My husband is working as an independent contractor who initially stated wages would be on a monthly basis. Husband moved to another state for this job and there was some kind of verbal agreement the employer would pay him every two weeks this month to ease expenses. He deposited less than half of due wages(bi-weekly) claiming errors and when came time to send remaining wages, has now stated my husband must wait 60 days before getting paid. We are struggling very badly financially and I don't know what I can do.
I agree with Mr. Boyer, something is not right. The misclassification of employees as something other than employees, such as independent contractors, presents a serious problem for affected employees, employers, and to the entire economy. Misclassified employees are often denied access to critical benefits and protections – such as family and medical leave, overtime, minimum wage and unemployment insurance – to which they are entitled. I think that the fundamental question is whether or not your husband is truly an independent contractor. If he is not really an independent contractor (but merely given that as a title by the employer), then the federal Fair Labor Standards Act kicks in and he would be entitled to overtime, minimum wage and timely payments.
The Department of Labor has said that, in general, an employee, as distinguished from an independent contractor who is engaged in a business of his own, is one who "follows the usual path of an employee" and is dependent on the business that he serves. The factors that the Supreme Court has considered significant, although no single one is regarded as controlling are:
(1) the extent to which the worker's services are an integral part of the employer's business (examples: Does the worker play an integral role in the business by performing the primary type of work that the employer performs for his customers or clients? Does the worker perform a discrete job that is one part of the business' overall process of production? Does the worker supervise any of the company's employees?);
(2) the permanency of the relationship (example: How long has the worker worked for the same company?);
(3) the amount of the worker's investment in facilities and equipment (examples: Is the worker reimbursed for any purchases or materials, supplies, etc.? Does the worker use his or her own tools or equipment?);
(4) the nature and degree of control by the principal (examples: Who decides on what hours to be worked? Who is responsible for quality control? Does the worker work for any other company(s)? Who sets the pay rate?);
(5) the worker's opportunities for profit and loss (examples: Did the worker make any investments such as insurance or bonding? Can the worker earn a profit by performing the job more efficiently or exercising managerial skill or suffer a loss of capital investment?); and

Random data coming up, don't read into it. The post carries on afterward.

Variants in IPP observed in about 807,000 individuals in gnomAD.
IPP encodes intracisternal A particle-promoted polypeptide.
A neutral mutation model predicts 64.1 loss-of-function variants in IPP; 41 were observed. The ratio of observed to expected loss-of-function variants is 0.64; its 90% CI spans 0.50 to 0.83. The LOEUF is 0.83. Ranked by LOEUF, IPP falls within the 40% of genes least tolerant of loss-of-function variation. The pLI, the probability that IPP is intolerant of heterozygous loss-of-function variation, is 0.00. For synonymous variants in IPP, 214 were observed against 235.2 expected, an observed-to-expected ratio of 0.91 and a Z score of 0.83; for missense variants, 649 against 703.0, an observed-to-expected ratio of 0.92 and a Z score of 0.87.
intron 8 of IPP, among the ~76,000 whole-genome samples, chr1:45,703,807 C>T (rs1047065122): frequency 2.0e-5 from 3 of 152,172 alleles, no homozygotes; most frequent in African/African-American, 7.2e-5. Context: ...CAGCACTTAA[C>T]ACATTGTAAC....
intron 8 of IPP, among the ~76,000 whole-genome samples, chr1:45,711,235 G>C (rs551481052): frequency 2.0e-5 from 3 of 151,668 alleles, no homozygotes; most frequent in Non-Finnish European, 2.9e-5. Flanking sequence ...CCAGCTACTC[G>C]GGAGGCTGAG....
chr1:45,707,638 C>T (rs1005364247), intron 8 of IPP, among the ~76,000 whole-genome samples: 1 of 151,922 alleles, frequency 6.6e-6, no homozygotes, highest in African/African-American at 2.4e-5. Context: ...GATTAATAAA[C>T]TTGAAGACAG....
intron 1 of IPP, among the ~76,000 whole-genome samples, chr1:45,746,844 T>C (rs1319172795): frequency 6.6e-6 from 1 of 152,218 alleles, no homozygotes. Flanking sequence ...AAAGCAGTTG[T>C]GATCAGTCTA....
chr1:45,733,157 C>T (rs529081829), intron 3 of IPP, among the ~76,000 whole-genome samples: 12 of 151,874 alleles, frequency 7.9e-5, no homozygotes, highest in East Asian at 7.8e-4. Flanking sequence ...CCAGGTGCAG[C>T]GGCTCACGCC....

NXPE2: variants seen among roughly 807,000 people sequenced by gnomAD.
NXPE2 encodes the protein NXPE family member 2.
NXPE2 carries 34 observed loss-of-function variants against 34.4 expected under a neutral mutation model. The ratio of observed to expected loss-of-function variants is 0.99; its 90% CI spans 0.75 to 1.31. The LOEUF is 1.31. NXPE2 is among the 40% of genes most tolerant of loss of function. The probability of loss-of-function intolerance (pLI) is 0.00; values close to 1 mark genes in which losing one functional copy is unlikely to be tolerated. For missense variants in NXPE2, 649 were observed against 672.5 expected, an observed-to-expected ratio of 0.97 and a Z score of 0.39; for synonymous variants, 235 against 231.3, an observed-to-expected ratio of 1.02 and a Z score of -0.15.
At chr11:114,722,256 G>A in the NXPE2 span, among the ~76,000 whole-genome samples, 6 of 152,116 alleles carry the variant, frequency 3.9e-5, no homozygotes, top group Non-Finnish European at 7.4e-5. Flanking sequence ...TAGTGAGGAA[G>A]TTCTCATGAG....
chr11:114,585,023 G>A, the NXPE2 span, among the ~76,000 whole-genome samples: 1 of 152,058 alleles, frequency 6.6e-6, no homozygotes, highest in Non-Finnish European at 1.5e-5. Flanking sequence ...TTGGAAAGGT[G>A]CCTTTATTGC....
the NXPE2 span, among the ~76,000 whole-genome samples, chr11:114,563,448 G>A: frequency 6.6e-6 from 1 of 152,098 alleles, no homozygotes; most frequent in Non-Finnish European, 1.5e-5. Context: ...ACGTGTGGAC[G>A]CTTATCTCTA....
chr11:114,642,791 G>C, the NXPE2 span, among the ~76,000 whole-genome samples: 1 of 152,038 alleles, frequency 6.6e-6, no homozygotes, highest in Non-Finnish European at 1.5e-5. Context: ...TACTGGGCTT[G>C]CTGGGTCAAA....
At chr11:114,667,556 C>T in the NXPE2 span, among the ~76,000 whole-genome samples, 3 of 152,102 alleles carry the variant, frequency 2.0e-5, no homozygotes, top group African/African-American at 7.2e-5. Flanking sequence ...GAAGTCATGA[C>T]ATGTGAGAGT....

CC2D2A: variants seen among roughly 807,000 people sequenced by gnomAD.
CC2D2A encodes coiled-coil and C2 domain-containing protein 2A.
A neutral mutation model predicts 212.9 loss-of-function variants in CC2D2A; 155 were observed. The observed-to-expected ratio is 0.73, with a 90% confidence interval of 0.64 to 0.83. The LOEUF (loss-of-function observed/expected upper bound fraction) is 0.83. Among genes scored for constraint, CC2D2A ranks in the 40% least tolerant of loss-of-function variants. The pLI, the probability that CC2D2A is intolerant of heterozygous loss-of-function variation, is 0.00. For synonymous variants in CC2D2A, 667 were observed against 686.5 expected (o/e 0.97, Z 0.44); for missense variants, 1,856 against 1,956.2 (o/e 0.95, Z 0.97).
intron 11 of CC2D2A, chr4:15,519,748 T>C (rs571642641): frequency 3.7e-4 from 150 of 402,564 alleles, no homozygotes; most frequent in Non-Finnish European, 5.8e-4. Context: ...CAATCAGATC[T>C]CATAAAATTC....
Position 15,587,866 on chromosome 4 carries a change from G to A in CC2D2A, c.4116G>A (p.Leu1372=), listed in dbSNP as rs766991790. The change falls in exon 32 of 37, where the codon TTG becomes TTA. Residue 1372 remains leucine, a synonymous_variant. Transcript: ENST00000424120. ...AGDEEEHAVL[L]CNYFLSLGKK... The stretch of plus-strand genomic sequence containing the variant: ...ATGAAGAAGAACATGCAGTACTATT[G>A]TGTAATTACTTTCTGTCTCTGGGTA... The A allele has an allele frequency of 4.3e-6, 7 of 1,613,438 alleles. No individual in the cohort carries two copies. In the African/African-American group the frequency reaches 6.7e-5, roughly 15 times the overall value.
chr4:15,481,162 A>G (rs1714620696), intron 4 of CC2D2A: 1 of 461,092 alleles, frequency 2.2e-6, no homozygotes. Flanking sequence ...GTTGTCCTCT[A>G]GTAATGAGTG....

(6) the level of skill required in performing the job and the amount of initiative, judgment, or foresight in open market competition with others required for the success of the claimed independent enterprise (examples: Does the worker perform routine tasks requiring little training? Does the worker advertise independently via yellow pages, business cards, etc.? Does the worker have a separate business site?).
You should remember that some employees are exempt from the FLSA by classification, such as commissioned employees, computer professionals, drivers, salesmen and executives. You should contact a labor & employment attorney right away for advice regarding the specifics of your husband's situation.
Agree with Mr. Boyer. Except for a few occupations where employers got special legislative treatment (some kinds of computer programmers for instance), federal and state labor laws control whether someone is a true contractor or an employee who must be given minimum wages, overtime, unemployment insurance and workers comp benefits. The distinction has to do with whether they set their own hours and working conditions or have to show up at a place of employment at scheduled times under the supervision of managers. Someone doing a casual painting job or outside sales might be an independent contractor.
State labor departments take a dim view of employers misclassifying hourly workers as independent contractors or exempt (management) employees to cheat them of labor law protections or benefits, so the state labor department is a good place to inquire as to whether his employer possibly misclassified his employment and he is entitled to wages. They are also very strict about wages being paid for hourly work and not some kind of commission scheme to avoid paying wages and sometimes there are penalties or double/triple damages for wage theft.
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